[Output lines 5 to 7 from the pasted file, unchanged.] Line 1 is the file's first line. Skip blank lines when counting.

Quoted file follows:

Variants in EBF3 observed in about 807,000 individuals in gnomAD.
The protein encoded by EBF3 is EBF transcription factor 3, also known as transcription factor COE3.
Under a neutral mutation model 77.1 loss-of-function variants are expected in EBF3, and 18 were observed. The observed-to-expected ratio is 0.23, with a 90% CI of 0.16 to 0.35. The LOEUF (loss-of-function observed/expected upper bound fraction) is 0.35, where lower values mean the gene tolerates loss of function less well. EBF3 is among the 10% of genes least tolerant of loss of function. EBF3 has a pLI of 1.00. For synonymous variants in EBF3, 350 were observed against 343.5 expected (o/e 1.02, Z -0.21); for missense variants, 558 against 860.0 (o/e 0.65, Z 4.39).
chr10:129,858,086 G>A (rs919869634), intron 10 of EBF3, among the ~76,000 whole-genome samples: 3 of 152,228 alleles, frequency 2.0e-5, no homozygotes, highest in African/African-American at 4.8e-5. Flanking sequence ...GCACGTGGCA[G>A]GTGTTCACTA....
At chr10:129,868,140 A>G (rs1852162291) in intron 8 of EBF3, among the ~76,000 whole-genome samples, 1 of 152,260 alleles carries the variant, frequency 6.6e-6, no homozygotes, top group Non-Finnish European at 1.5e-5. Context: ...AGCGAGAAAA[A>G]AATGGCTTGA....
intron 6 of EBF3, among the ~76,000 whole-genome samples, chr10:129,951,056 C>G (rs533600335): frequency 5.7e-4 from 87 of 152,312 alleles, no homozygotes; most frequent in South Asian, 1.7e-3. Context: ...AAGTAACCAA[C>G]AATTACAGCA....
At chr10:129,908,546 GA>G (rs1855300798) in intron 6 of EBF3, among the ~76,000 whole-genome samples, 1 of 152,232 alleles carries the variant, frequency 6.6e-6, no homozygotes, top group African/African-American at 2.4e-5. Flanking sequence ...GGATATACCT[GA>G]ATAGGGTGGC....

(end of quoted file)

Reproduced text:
At chr10:129,868,140 A>G (rs1852162291) in intron 8 of EBF3, among the ~76,000 whole-genome samples, 1 of 152,260 alleles carries the variant, frequency 6.6e-6, no homozygotes, top group Non-Finnish European at 1.5e-5. Context: ...AGCGAGAAAA[A>G]AATGGCTTGA....
intron 6 of EBF3, among the ~76,000 whole-genome samples, chr10:129,951,056 C>G (rs533600335): frequency 5.7e-4 from 87 of 152,312 alleles, no homozygotes; most frequent in South Asian, 1.7e-3. Context: ...AAGTAACCAA[C>G]AATTACAGCA....
At chr10:129,908,546 GA>G (rs1855300798) in intron 6 of EBF3, among the ~76,000 whole-genome samples, 1 of 152,232 alleles carries the variant, frequency 6.6e-6, no homozygotes, top group African/African-American at 2.4e-5. Flanking sequence ...GGATATACCT[GA>G]ATAGGGTGGC....